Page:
But as we celebrated, we braced ourselves for an ongoing and possibly unwieldy battle to see the cancellation process though. Just last month, the agrichemical corporations that manufacture chlorpyrifos filed an opposition to the accusations served against them by DPR that kicked off the cancellation process.

So last week’s announcement from DPR with a concrete timeline for phasing out chlorpyrifos was a welcome victory.  MORE

What’s driving California’s emissions? You guessed it: Cars.

California received plenty of praise back in 2016 when it hit its target for cutting greenhouse gas emissions four years ahead of time. But the Golden State’s progress has slowed, according to a report out Tuesday from a nonpartisan research center. California is now on track to hit its 2030 goal in 2061. Three whole decades late.

The biggest problem: California’s beloved cars.

“This is a sobering report,” said F. Noel Perry, a California investor who founded the center behind the report, Next 10. “We are at a very important point: California is going to need major policy breakthroughs and deep structural changes if we’re going to meet our climate goals.”

What happened? Over the last three years, California has reduced emissions at a rate of only 1.15 percent. At that pace, it would take a century for the state to zero-out carbon emissions. But a law ex-Governor Jerry Brown signed in 2016, requires the state to reach zero emissions by 2050. Since falling behind, the state would need to step up emissions reductions to 4.51 percent every year, according to the report.

Next 10

Next 10’s report, the California Green Innovation Index, shows that the state has plucked most of the low-hanging fruit, mainly by cleaning up electricity production. California’s next challenge is the tougher job of eliminating climate pollutants from transportation, industry, and homes, and offices. And, yes, all of those cars.

Passenger vehicles alone produce nearly a third of California’s emissions, more than all of the electric plants, livestock, and oil refineries in the state put together. Vehicle ownership has reached an all-time high, as has the total miles that Californians are driving. Moreover, “even in climate conscious California we’ve seen a consumer preference shift to favor SUVs and light trucks,” said Adam Fowler of Beacon Economics, which prepared this report for Next 10.

Next 10

Since early 2017, more than half the new passenger vehicles Californians bought were SUVs and trucks.

Another big, related problem is housing. California’s economy is booming, but cities haven’t built the homes needed by all the new workers. That’s forcing more people into suburbs far from public transportation. The report found that the percentage of people choosing public transit “declined substantially throughout most of California between 2008 and 2018.” Failure to build housing is doubly bad because new buildings are much more efficient in terms of insulation,climate control, and energy efficiency. Every new home even gets solar panels.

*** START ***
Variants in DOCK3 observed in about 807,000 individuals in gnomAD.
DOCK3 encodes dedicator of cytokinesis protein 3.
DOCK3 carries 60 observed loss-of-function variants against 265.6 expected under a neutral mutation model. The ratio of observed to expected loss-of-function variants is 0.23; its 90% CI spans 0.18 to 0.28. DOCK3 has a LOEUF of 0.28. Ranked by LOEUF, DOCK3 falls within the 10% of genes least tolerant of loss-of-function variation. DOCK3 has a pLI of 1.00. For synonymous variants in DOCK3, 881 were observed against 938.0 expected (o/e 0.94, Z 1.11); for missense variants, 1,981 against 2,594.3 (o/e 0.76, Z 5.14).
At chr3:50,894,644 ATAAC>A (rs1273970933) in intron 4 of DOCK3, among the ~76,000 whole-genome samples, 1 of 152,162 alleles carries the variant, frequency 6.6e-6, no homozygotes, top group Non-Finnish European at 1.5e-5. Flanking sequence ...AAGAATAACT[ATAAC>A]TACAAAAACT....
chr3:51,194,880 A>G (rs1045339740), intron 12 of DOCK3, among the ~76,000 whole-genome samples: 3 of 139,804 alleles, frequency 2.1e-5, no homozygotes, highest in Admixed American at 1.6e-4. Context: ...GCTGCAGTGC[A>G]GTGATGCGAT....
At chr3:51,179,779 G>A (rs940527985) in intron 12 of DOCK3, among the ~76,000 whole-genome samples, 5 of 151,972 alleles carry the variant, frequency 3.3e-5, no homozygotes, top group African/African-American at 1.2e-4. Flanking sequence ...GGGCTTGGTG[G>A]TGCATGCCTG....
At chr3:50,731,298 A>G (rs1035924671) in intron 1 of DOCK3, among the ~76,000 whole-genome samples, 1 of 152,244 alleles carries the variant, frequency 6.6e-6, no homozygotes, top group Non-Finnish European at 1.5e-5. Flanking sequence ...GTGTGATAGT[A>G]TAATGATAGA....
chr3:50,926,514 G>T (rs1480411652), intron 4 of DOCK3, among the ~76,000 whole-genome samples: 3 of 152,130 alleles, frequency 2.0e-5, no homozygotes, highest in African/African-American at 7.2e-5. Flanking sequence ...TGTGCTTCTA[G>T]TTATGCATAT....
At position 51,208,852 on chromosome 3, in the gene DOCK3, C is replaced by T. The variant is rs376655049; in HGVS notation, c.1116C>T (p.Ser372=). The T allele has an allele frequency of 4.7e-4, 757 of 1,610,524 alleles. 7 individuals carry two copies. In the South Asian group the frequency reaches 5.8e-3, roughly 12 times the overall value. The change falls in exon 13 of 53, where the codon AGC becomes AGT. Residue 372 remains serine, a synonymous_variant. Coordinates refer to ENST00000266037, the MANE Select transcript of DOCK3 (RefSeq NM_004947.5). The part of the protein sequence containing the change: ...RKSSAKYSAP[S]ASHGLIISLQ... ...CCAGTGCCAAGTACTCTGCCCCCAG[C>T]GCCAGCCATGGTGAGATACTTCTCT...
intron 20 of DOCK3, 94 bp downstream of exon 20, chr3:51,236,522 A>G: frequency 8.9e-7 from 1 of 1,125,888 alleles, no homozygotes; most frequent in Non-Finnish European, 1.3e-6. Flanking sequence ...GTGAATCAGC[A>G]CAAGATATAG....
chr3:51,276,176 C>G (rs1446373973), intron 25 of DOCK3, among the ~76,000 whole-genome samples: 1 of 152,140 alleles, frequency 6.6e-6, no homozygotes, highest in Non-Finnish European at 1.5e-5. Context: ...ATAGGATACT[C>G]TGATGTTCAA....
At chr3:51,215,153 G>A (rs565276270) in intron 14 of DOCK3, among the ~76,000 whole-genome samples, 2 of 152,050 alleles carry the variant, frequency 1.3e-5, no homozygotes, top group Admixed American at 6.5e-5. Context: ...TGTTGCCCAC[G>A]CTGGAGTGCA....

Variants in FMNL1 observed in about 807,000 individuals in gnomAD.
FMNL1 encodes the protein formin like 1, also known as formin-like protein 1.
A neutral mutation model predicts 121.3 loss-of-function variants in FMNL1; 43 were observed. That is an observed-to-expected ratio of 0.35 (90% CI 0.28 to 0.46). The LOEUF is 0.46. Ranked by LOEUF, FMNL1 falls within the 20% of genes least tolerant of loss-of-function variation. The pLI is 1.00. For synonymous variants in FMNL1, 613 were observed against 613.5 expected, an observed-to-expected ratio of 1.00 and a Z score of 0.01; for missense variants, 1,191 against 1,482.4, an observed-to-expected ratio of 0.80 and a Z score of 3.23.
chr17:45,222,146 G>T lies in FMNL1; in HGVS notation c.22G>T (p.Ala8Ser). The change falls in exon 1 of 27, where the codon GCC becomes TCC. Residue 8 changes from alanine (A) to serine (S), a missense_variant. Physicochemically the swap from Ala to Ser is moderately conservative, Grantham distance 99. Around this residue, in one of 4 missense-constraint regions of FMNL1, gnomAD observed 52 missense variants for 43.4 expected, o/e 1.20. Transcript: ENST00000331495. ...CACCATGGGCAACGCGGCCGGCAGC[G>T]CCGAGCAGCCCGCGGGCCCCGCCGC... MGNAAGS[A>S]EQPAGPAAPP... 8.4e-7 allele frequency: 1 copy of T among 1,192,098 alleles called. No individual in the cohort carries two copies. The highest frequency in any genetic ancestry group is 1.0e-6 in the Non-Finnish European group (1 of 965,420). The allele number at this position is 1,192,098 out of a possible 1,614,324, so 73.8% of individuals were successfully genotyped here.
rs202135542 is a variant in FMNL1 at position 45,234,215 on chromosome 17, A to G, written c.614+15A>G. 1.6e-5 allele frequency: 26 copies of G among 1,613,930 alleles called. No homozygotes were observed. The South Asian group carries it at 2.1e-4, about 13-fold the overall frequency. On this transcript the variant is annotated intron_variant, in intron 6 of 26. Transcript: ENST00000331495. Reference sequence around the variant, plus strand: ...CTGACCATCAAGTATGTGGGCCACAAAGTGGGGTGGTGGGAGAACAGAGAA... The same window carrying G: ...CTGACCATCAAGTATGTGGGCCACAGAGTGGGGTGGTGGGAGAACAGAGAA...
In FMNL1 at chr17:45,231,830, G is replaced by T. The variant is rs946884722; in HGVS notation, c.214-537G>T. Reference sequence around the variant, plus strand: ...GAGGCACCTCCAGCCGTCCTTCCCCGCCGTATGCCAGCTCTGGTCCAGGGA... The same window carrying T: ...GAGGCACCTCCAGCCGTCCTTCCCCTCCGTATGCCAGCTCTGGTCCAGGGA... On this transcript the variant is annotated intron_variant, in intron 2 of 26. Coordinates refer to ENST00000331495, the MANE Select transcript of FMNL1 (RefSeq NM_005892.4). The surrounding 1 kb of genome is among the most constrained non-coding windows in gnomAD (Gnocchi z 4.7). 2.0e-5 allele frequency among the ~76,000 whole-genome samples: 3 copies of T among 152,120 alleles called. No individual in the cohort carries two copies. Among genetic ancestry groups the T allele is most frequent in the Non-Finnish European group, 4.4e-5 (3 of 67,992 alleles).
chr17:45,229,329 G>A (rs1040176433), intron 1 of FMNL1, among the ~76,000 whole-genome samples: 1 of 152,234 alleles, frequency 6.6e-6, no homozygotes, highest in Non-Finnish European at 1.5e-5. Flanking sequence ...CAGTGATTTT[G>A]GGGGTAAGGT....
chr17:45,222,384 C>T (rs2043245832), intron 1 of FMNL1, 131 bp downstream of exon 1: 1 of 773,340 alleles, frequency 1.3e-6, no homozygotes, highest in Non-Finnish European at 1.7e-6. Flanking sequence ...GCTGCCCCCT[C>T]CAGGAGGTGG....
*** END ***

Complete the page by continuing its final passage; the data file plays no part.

“This is one of the gnarliest challenges,” Perry said. “How do we reduce commute times and how do we build denser housing?”

It’s not all bad news. California continues to prove it’s possible to cut carbon emissions while the economy expands. From 2016 to 2017, California’s economy per capita grew 3.1 percent while each person’s emissions decreased.

And the authors said that the state still deserves a lot of credit. “California policies have made appliances more efficient, renewable energy cheaper, and given cars better gas mileage all across the country,” Perry said.

California just passed a bill that will make Uber and Lyft drivers employees

The move is a major blow for the ride-hailing firms—and a victory for gig workers in the state.

The news: California’s state senate has passed a bill that will make Uber and Lyft drivers, among other gig workers, employees instead of independent contractors. The bill, called AB5, will now head to Governor Gavin Newsom for approval. Newsom had previously said he would back the bill, so it is all but certain to be turned into law and then go into effect in 2020.

AB5 has received support from presidential candidates Elizabeth Warren, Bernie Sanders, and Kamala Harris. Though Uber and Lyft drivers are still considered independent contractors under federal law, experts say the bill is likely to influence other states to pass similar bills and set up a big fight over the future of work. Already, labor groups in New York have their eye on a similar bill.